Tuesday, June 22, 2010

Free Flow vs Outline

How do you write? Is the question a bit too general? I agree.

If you are currently writing, or have ever written a book, what does the process look like for you? More specifically, do you just write or do you use an outline?

On my first manuscript I just wrote as the story unfolded in my head. I had a rough, simple outline, but nothing more than a long paragraph written about the plot. While I was finishing that first manuscript, I ran across a well known author's website where she'd said she always used outlines when writing. So, from what I gathered, she'd create a chapter by chapter outline and then write the book. That sounded very intriguing and I decided to try that in a future manuscript.

I started writing my second manuscript without an outline, and about 10,000 words into it, I am beginning to entertain the whole outline idea again.

So Here's the Question:
Do you, or have you used an outline? And if so, what does it look like? How in depth do you go?


  1. I've never done an outline.
    However, I've put a few necessary scenes down, and tried to flow to and from them...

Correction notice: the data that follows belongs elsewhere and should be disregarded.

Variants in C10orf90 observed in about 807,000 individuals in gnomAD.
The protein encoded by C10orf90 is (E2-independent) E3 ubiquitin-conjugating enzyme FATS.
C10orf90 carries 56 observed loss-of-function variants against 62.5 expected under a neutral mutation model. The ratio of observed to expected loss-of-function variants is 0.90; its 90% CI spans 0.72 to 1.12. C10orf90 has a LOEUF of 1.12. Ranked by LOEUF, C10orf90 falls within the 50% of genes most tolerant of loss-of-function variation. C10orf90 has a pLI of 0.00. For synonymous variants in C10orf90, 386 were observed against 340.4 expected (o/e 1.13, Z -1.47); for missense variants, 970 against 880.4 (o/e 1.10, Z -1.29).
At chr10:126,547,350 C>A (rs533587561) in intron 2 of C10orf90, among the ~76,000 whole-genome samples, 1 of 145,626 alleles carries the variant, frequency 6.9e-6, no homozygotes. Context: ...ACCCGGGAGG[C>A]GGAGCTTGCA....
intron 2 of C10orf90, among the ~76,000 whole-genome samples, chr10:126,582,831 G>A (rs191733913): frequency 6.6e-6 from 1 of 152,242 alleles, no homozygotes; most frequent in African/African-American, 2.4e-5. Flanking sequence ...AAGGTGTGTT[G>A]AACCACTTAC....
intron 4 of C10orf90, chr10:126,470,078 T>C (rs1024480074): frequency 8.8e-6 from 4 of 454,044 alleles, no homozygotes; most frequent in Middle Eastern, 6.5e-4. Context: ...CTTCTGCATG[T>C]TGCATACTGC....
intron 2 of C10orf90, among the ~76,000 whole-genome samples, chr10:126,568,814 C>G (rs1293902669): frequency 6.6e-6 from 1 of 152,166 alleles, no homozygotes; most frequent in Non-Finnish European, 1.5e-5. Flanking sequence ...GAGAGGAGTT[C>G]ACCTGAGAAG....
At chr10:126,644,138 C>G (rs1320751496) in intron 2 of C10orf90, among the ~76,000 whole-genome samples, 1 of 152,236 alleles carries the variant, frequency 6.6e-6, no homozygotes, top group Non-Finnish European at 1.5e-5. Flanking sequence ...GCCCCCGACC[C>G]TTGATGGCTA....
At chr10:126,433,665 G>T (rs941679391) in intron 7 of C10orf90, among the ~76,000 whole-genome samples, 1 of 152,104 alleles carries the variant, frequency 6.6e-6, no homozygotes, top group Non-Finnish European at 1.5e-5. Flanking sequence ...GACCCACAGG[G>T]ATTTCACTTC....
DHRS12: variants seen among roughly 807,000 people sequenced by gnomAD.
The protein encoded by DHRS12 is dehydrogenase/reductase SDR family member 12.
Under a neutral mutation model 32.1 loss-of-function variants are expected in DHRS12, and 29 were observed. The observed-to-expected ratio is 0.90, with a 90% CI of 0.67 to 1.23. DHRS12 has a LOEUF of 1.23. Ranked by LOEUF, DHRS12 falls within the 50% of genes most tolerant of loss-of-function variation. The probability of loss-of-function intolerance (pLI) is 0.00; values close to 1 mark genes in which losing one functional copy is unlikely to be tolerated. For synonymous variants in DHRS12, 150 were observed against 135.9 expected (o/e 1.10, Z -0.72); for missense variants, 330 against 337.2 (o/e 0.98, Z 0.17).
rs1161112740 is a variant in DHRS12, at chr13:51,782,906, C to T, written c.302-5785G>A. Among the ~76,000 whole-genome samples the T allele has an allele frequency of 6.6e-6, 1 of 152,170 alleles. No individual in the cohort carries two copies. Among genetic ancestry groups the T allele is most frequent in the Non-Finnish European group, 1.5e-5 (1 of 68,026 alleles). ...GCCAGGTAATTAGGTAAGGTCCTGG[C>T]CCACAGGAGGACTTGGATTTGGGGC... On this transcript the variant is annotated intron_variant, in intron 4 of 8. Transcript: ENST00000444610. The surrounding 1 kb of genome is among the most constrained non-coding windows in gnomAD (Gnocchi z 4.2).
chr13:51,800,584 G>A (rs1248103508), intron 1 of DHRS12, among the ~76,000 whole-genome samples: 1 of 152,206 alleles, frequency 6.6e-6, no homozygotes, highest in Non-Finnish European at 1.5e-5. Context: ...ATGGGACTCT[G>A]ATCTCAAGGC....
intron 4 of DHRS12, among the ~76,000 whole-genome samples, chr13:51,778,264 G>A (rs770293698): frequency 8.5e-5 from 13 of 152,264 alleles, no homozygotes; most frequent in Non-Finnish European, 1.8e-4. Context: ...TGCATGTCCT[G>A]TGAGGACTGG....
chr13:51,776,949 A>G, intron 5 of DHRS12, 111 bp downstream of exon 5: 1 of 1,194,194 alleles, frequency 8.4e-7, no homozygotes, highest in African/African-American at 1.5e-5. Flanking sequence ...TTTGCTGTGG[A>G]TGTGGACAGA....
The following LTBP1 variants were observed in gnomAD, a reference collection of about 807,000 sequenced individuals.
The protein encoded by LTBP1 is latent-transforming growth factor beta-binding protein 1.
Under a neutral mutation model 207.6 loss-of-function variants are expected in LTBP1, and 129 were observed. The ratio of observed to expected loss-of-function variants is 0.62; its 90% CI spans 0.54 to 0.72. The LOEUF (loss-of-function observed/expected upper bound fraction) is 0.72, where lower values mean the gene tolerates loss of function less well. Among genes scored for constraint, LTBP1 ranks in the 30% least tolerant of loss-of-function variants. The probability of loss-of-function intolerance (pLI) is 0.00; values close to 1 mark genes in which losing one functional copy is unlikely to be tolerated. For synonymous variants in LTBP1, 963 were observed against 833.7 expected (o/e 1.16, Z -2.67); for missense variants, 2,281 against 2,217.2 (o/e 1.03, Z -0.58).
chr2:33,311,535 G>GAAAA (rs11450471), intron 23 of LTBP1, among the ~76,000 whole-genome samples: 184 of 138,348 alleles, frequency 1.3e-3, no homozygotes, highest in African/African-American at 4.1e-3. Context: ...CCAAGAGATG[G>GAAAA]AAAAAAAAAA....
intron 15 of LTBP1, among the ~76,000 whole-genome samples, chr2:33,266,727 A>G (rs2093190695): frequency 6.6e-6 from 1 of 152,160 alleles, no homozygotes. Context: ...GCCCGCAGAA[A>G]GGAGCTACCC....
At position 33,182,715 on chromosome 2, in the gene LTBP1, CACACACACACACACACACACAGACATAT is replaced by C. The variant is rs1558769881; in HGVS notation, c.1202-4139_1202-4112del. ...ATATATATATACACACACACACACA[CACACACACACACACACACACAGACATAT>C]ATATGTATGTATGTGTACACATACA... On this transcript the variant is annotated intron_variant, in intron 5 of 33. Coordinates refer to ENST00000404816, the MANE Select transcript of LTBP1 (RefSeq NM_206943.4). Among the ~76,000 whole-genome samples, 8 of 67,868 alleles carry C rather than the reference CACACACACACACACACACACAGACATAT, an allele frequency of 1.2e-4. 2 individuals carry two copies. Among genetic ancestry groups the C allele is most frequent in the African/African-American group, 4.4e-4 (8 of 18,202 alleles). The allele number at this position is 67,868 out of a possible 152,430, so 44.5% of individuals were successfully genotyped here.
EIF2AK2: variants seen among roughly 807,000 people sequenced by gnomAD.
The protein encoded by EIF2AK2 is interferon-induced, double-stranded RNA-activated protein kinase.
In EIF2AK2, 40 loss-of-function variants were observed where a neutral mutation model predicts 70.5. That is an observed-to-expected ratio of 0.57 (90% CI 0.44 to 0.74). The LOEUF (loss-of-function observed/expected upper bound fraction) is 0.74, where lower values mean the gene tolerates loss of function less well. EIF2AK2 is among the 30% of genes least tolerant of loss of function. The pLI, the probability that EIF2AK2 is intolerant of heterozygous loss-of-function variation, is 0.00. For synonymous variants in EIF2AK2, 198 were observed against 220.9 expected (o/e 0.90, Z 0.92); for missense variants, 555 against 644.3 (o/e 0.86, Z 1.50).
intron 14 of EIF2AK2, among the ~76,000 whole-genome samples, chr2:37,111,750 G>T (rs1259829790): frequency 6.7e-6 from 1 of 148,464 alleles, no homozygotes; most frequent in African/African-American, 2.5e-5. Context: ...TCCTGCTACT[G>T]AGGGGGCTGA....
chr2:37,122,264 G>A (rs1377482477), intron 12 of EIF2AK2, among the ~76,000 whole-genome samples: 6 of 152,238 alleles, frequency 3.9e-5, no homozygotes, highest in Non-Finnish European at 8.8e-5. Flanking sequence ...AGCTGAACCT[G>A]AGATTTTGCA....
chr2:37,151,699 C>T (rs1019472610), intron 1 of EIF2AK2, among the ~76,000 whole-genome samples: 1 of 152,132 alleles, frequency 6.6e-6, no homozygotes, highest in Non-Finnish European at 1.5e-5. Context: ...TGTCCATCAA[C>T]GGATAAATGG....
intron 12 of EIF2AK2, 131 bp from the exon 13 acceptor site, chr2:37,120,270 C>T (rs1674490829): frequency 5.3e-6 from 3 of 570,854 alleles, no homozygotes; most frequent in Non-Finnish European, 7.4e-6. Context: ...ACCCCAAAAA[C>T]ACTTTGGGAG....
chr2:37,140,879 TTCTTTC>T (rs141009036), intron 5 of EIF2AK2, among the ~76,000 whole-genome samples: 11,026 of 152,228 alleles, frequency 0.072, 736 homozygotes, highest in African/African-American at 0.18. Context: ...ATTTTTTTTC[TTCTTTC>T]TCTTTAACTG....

But I still end up doing different things.

  2. Rough Outline - then build with my thoughts from there. But the edting process is a nightmare for me. I hate trimming down the words, but I also know not everything I have to say should be in there. Editing kills me, lol, so an outline might save the day but I just don't *like* them that much. It feels too rigid to me for whatever reason.

  3. I think every author has his or her own way that works for him. Even each book might require something different.

    My first novel attempt I wrote without anything more than a basic idea of what it was about. It ended up a mess. Since then, I've used a general percentage breakdown I saw in a book. I wrote about it here:

    It's worked really well for me... given me a general direction as well as a lot of freedom to change and grow as I need to.

    What's most important is finding something that works for you.